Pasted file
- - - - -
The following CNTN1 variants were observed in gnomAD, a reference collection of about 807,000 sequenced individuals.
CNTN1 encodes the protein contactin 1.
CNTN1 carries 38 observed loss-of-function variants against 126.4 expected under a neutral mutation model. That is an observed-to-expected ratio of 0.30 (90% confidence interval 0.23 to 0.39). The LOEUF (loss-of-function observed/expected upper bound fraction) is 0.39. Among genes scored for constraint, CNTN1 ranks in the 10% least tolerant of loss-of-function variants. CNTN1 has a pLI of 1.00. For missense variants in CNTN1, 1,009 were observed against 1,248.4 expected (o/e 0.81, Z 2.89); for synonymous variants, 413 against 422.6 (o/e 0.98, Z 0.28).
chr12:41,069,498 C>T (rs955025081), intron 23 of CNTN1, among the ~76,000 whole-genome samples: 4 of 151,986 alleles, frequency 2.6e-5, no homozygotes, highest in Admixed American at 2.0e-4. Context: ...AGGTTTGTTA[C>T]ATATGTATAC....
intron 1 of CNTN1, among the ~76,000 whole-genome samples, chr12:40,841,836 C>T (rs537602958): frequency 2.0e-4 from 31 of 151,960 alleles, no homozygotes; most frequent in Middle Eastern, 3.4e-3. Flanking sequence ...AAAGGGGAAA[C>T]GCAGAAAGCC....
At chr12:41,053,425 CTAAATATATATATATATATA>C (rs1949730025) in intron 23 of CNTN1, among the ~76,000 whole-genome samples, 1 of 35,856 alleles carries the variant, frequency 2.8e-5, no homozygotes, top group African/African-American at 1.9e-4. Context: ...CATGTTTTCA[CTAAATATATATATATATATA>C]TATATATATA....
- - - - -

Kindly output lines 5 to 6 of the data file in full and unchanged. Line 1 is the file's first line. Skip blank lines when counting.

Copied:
intron 1 of CNTN1, among the ~76,000 whole-genome samples, chr12:40,841,836 C>T (rs537602958): frequency 2.0e-4 from 31 of 151,960 alleles, no homozygotes; most frequent in Middle Eastern, 3.4e-3. Flanking sequence ...AAAGGGGAAA[C>T]GCAGAAAGCC....
At chr12:41,053,425 CTAAATATATATATATATATA>C (rs1949730025) in intron 23 of CNTN1, among the ~76,000 whole-genome samples, 1 of 35,856 alleles carries the variant, frequency 2.8e-5, no homozygotes, top group African/African-American at 1.9e-4. Context: ...CATGTTTTCA[CTAAATATATATATATATATA>C]TATATATATA....